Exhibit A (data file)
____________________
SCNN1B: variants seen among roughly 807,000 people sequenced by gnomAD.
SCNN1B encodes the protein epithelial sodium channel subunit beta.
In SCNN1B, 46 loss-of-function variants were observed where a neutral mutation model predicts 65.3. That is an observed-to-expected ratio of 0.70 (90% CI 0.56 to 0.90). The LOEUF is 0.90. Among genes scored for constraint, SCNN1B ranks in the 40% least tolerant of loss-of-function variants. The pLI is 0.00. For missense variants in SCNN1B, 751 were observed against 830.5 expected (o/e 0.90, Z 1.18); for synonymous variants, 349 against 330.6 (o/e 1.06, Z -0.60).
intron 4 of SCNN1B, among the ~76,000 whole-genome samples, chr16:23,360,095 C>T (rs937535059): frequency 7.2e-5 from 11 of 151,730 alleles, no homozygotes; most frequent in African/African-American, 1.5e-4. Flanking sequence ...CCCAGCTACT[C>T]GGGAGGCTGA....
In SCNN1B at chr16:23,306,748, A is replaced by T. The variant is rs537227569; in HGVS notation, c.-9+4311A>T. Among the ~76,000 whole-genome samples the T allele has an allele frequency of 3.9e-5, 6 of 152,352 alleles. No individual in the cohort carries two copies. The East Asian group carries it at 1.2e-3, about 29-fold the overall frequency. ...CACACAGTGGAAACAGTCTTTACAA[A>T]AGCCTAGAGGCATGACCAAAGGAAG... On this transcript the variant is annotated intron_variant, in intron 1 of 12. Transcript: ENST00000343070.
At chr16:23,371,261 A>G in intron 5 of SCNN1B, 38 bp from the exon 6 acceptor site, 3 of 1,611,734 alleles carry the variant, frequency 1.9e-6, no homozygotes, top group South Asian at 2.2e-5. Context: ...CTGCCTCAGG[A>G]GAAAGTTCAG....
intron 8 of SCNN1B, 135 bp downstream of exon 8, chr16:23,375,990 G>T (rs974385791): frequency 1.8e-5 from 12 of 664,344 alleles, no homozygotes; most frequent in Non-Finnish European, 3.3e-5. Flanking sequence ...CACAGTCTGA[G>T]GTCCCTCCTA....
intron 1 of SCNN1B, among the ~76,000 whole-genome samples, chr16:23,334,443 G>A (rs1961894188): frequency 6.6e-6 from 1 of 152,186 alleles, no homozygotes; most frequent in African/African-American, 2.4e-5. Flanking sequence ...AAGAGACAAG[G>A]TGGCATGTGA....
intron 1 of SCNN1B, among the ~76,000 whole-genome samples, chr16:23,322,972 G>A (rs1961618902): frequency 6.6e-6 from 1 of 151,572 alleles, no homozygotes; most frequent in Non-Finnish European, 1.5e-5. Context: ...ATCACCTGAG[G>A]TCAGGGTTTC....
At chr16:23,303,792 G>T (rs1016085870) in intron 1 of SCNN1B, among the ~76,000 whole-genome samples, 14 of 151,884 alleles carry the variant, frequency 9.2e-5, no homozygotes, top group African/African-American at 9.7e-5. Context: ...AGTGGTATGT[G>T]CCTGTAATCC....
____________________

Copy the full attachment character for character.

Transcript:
SCNN1B: variants seen among roughly 807,000 people sequenced by gnomAD.
SCNN1B encodes the protein epithelial sodium channel subunit beta.
In SCNN1B, 46 loss-of-function variants were observed where a neutral mutation model predicts 65.3. That is an observed-to-expected ratio of 0.70 (90% CI 0.56 to 0.90). The LOEUF is 0.90. Among genes scored for constraint, SCNN1B ranks in the 40% least tolerant of loss-of-function variants. The pLI is 0.00. For missense variants in SCNN1B, 751 were observed against 830.5 expected (o/e 0.90, Z 1.18); for synonymous variants, 349 against 330.6 (o/e 1.06, Z -0.60).
intron 4 of SCNN1B, among the ~76,000 whole-genome samples, chr16:23,360,095 C>T (rs937535059): frequency 7.2e-5 from 11 of 151,730 alleles, no homozygotes; most frequent in African/African-American, 1.5e-4. Flanking sequence ...CCCAGCTACT[C>T]GGGAGGCTGA....
In SCNN1B at chr16:23,306,748, A is replaced by T. The variant is rs537227569; in HGVS notation, c.-9+4311A>T. Among the ~76,000 whole-genome samples the T allele has an allele frequency of 3.9e-5, 6 of 152,352 alleles. No individual in the cohort carries two copies. The East Asian group carries it at 1.2e-3, about 29-fold the overall frequency. ...CACACAGTGGAAACAGTCTTTACAA[A>T]AGCCTAGAGGCATGACCAAAGGAAG... On this transcript the variant is annotated intron_variant, in intron 1 of 12. Transcript: ENST00000343070.
At chr16:23,371,261 A>G in intron 5 of SCNN1B, 38 bp from the exon 6 acceptor site, 3 of 1,611,734 alleles carry the variant, frequency 1.9e-6, no homozygotes, top group South Asian at 2.2e-5. Context: ...CTGCCTCAGG[A>G]GAAAGTTCAG....
intron 8 of SCNN1B, 135 bp downstream of exon 8, chr16:23,375,990 G>T (rs974385791): frequency 1.8e-5 from 12 of 664,344 alleles, no homozygotes; most frequent in Non-Finnish European, 3.3e-5. Flanking sequence ...CACAGTCTGA[G>T]GTCCCTCCTA....
intron 1 of SCNN1B, among the ~76,000 whole-genome samples, chr16:23,334,443 G>A (rs1961894188): frequency 6.6e-6 from 1 of 152,186 alleles, no homozygotes; most frequent in African/African-American, 2.4e-5. Flanking sequence ...AAGAGACAAG[G>A]TGGCATGTGA....
intron 1 of SCNN1B, among the ~76,000 whole-genome samples, chr16:23,322,972 G>A (rs1961618902): frequency 6.6e-6 from 1 of 151,572 alleles, no homozygotes; most frequent in Non-Finnish European, 1.5e-5. Context: ...ATCACCTGAG[G>A]TCAGGGTTTC....
At chr16:23,303,792 G>T (rs1016085870) in intron 1 of SCNN1B, among the ~76,000 whole-genome samples, 14 of 151,884 alleles carry the variant, frequency 9.2e-5, no homozygotes, top group African/African-American at 9.7e-5. Context: ...AGTGGTATGT[G>T]CCTGTAATCC....